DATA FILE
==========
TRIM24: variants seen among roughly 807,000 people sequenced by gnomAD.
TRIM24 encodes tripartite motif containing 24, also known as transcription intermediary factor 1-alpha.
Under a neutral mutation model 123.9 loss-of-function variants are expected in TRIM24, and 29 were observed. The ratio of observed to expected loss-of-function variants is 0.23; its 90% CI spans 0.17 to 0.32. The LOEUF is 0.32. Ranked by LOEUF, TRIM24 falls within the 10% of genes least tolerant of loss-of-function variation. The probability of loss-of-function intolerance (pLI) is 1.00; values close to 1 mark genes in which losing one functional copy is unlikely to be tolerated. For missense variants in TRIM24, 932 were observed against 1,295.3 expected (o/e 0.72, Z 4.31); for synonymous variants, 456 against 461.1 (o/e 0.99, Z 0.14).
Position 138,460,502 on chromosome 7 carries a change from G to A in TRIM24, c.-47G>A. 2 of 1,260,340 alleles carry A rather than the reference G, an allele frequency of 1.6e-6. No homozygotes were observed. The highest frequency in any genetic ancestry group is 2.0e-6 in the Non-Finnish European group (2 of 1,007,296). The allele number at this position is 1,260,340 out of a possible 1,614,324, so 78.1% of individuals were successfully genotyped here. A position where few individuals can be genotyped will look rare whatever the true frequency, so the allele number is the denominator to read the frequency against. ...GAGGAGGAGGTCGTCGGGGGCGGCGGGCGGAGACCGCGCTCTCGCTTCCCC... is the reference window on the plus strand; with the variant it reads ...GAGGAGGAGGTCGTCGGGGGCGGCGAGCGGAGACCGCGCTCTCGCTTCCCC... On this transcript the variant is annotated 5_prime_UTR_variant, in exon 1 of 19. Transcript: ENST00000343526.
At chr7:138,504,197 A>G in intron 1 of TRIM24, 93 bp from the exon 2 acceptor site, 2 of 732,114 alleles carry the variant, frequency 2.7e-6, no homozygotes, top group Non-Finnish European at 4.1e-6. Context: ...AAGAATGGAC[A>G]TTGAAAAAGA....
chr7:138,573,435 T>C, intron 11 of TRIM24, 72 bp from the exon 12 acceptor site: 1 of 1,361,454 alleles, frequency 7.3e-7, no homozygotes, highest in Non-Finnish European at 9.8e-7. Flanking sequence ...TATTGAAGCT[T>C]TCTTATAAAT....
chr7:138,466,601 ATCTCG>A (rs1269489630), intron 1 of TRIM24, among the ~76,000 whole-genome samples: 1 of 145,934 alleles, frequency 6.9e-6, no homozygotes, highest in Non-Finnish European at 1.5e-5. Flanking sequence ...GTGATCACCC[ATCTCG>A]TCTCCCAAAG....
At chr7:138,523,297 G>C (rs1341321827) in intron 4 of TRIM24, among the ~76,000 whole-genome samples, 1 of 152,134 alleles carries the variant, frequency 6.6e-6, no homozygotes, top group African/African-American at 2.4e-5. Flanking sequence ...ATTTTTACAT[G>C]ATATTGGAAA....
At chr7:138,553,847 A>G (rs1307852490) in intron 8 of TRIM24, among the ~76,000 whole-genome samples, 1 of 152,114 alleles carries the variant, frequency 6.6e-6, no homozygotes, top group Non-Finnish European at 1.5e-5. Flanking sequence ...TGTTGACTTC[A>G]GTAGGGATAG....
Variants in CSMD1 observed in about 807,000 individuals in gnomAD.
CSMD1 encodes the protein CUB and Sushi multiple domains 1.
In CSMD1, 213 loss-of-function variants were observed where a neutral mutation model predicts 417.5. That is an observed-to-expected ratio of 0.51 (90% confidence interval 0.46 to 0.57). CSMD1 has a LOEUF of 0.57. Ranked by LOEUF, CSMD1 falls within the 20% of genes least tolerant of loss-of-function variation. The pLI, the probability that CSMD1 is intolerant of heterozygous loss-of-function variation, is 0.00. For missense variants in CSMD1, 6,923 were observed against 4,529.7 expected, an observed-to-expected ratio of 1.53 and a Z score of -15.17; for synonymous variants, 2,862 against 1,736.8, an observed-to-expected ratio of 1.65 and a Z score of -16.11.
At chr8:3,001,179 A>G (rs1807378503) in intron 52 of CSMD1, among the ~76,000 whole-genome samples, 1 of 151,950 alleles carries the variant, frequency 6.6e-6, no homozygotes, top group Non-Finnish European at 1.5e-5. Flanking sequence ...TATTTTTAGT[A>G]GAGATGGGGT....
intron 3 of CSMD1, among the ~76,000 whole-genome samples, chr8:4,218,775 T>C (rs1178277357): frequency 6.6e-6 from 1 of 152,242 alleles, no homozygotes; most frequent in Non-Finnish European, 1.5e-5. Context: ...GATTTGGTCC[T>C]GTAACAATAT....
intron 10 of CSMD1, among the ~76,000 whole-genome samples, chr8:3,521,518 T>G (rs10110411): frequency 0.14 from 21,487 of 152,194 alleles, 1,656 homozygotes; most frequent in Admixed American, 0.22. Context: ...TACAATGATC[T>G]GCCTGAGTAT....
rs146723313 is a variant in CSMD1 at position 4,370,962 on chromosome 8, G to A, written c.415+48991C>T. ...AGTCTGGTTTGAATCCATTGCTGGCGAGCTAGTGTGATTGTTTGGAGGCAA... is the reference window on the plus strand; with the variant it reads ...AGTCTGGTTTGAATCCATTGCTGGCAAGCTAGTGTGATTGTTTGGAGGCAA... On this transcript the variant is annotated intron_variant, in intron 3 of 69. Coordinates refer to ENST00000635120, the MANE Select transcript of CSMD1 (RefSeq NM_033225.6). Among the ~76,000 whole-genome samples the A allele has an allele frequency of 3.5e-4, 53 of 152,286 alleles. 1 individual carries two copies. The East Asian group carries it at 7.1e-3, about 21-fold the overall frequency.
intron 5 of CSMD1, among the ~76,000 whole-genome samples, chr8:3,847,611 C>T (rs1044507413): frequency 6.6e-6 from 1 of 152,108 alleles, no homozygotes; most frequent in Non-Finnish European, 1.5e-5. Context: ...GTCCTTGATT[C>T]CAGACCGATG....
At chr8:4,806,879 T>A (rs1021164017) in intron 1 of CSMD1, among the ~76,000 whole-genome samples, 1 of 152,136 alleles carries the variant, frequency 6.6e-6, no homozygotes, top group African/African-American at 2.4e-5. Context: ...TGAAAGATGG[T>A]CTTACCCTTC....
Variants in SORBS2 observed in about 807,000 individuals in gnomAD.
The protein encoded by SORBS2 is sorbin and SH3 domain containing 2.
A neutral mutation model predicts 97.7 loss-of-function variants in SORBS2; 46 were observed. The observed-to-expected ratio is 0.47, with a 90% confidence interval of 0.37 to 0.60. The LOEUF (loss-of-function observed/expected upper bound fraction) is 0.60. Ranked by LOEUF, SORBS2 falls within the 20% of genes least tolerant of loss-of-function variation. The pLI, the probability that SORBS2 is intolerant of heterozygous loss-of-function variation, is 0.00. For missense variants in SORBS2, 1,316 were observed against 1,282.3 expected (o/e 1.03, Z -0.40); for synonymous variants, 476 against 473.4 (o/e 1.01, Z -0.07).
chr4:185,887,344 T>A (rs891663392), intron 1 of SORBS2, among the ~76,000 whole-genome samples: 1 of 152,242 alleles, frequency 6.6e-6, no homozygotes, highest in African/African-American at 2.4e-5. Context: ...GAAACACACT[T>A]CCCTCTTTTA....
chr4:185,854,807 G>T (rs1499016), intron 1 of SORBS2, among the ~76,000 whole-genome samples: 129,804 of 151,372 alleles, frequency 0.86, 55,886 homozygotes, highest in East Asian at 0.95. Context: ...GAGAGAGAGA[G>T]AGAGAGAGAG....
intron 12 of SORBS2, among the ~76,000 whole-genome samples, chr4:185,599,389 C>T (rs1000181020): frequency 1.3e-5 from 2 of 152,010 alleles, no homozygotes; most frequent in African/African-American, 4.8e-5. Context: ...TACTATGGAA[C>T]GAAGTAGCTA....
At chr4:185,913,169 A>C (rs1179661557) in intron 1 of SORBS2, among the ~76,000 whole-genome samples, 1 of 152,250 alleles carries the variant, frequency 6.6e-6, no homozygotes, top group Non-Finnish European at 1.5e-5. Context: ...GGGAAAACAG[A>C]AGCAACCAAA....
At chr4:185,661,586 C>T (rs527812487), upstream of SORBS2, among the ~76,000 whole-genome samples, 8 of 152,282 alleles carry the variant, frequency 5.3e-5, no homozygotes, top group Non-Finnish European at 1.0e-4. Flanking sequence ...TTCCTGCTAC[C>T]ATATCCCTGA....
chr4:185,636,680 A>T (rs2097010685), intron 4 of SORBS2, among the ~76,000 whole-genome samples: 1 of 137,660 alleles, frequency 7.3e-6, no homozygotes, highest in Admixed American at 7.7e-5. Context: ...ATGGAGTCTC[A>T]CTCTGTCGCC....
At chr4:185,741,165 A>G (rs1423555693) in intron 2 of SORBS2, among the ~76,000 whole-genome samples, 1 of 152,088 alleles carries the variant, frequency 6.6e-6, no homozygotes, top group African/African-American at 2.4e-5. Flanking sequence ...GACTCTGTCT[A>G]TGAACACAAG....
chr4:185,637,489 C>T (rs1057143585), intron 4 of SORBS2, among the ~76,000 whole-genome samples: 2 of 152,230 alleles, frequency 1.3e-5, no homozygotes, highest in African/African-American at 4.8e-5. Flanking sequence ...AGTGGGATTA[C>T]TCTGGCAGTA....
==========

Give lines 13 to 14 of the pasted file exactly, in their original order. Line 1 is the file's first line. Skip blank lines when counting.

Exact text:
At chr8:3,001,179 A>G (rs1807378503) in intron 52 of CSMD1, among the ~76,000 whole-genome samples, 1 of 151,950 alleles carries the variant, frequency 6.6e-6, no homozygotes, top group Non-Finnish European at 1.5e-5. Flanking sequence ...TATTTTTAGT[A>G]GAGATGGGGT....
intron 3 of CSMD1, among the ~76,000 whole-genome samples, chr8:4,218,775 T>C (rs1178277357): frequency 6.6e-6 from 1 of 152,242 alleles, no homozygotes; most frequent in Non-Finnish European, 1.5e-5. Context: ...GATTTGGTCC[T>C]GTAACAATAT....